How often do you struggle when you ride, trying to fix something about your position or something that you do?

Quite often, I bet! Now ask yourself, when you are trying so hard to fix something in you, how much focus do you have on what is happening with your horse? Maybe not so much? Hmmmm?..interesting thought to ponder, isn’t it?

Now don’t beat yourself up for this as it happens quite a bit. In fact, shifting the focus from the rider to the horse is the main theme when I teach riders in lessons and clinics. It’s not because I care more about horses than riders. It is because once a rider begins to focus on the horse’s way of going, performance and connection there will be improvement in both the rider and the horse. You may be thinking, why is this the case?


When a rider only focuses on themselves their ride becomes separate from the horse underneath them.

This often leaves a rider locked up trying hard to maintain position. Their minds are totally focused on themselves and they are not listening to the horse through their body and mind and thus they have no feel. In this case, horses can become unbalanced, crooked, numb or resistant. Just think about how you feel when you are the recipient of a one sided conversation. It’s not so much fun is it?

Moving focus to how the horse is going, as far as? their straightness, impulsion, rhythm and balance, helps a rider begin to relax. Riders begin to let go of the worry about fixing themselves and pay more attention to creating the best ride in their horse. The focus is now on having a two sided conversation with the horse, where the rider listens and then responds thoughtfully to what the horse is telling them. To best create a positive two sided conversation, riders should first educate themselves on horse anatomy, movement, behavior and balance. They should understand what the ideal horse is, as well as what the best way of going should be. Then they need to understand that no horse is perfect, just as no rider is. They are all individuals, so horses need to be ridden as such. A single horse can be different on different days.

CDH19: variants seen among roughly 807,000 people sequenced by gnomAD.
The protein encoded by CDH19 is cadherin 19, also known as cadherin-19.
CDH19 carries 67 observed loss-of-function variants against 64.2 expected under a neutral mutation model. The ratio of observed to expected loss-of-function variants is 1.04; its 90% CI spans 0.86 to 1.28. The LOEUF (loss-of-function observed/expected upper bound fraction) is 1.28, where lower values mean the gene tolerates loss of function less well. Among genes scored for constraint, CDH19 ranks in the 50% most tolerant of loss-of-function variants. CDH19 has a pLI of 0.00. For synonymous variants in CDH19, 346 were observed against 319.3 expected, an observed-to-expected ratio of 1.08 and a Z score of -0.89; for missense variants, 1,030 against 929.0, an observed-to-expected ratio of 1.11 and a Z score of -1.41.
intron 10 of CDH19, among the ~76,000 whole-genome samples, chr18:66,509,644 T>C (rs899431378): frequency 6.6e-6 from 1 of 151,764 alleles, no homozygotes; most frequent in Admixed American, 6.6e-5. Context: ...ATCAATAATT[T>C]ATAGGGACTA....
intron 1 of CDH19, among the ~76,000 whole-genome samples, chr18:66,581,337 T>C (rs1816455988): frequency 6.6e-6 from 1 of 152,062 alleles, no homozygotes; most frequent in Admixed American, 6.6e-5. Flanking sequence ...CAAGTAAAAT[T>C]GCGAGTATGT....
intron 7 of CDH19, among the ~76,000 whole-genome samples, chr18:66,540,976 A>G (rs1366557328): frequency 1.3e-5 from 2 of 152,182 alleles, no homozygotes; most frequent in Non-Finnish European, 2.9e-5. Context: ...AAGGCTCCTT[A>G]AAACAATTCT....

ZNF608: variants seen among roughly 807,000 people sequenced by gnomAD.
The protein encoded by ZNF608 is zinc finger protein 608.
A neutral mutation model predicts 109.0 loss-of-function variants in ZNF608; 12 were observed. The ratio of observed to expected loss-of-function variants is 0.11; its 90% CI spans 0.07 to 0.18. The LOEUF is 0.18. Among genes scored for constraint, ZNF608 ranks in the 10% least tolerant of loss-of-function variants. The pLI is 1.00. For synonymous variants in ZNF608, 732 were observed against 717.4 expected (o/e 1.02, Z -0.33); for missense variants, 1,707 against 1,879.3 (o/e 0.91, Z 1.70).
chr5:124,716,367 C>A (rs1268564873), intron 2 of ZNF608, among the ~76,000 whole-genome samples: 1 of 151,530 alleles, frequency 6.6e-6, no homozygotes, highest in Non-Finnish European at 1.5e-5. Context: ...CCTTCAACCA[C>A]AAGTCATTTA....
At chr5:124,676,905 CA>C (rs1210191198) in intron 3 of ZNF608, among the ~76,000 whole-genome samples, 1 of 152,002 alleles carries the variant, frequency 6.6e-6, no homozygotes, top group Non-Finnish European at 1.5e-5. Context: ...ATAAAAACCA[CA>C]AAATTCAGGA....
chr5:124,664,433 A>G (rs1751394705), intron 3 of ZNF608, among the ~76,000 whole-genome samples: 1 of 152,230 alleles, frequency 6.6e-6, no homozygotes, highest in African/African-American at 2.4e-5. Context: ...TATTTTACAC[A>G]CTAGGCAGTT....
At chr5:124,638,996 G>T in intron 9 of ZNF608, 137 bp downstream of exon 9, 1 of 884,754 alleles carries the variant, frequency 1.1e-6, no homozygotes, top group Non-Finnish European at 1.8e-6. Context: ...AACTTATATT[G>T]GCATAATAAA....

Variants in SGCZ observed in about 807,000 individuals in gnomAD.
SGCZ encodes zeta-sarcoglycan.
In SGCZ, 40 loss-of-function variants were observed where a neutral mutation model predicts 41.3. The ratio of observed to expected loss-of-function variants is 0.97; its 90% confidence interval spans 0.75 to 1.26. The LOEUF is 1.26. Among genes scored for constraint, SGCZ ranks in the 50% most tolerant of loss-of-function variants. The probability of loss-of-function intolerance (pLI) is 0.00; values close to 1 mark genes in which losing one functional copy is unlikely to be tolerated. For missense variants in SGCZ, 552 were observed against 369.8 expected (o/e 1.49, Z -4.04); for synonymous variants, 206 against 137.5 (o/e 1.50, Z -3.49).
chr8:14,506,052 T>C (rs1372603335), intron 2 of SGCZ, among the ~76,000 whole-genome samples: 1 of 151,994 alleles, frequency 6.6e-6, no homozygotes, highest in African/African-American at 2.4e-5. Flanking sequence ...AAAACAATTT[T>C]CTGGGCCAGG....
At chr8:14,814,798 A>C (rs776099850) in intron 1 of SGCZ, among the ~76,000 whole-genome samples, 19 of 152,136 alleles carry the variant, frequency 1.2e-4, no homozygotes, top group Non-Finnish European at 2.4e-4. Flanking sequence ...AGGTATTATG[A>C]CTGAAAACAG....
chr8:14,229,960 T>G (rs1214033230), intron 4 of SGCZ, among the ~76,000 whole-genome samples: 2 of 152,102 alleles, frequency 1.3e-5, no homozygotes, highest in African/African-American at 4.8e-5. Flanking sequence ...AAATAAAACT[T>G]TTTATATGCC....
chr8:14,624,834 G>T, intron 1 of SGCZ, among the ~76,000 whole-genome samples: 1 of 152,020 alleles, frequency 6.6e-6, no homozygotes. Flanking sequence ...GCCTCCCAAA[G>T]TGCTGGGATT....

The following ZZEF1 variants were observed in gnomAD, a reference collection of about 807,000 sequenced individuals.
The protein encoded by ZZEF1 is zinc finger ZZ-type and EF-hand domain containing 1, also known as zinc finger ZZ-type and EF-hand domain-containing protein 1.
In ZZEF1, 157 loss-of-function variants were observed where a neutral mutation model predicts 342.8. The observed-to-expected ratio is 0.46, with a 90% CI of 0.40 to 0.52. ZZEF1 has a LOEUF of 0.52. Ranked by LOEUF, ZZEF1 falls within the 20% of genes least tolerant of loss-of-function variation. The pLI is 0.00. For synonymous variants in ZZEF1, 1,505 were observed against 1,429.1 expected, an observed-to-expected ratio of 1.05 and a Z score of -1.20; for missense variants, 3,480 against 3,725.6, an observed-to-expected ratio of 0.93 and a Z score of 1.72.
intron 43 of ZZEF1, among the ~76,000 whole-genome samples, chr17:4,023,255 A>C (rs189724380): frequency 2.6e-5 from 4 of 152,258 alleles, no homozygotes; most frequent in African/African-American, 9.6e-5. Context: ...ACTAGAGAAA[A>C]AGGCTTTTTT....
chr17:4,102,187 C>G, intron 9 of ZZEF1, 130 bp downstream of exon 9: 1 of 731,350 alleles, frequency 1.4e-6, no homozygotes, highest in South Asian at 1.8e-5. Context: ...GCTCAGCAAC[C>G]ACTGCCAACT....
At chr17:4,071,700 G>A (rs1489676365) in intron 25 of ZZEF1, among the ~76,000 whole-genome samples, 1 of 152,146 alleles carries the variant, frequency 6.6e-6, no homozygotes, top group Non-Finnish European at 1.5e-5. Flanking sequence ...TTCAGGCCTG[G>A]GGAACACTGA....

If rider focus is only on themselves there will be no awareness of what is happening with the horse they are on in any given moment.

In my clinics I have been developing a way of teaching to shift the rider’s focus to the horse. I ask riders questions about horse anatomy and way of going in general and then I ask about their horse in particular. Many riders struggle to answer my questions. It’s not because they don’t care or that they don’t work hard. It’s because their focus has been somewhat myopic. What is so interesting is that rider confidence grows as the focus begins to shift to the horse. They get out of their own way and start to have fun paying attention to the horse and making the corrections needed to improve the overall ride. At the same time, horses generally improve their way of going and are happier. The rider’s position begins to correct itself organically when the focus turns to using position to connect with the horse and to make regular subtle corrections as needed.I am not saying that good work on position shouldn’t happen.


But,understand why the great riding masters of the past came up with the equitation that we do today.

It was to get the best and most pleasing ride from the horse. It was not developed to look pretty on top of the horse. A connected and feeling rider will look good on a horse, as the whole picture is unified, balanced and fluid. Certainly study how a correct position creates the best ride and work on self-improvement. But don’t do this without always keeping your connection to the horse at the front of your mind. So study the horse just like those great masters did. Be more mindful of your horses and what they need from you to be their best. Always be curious, ask questions and continue to learn and grow. Shift more focus from you to your horse. You will become a better rider for it!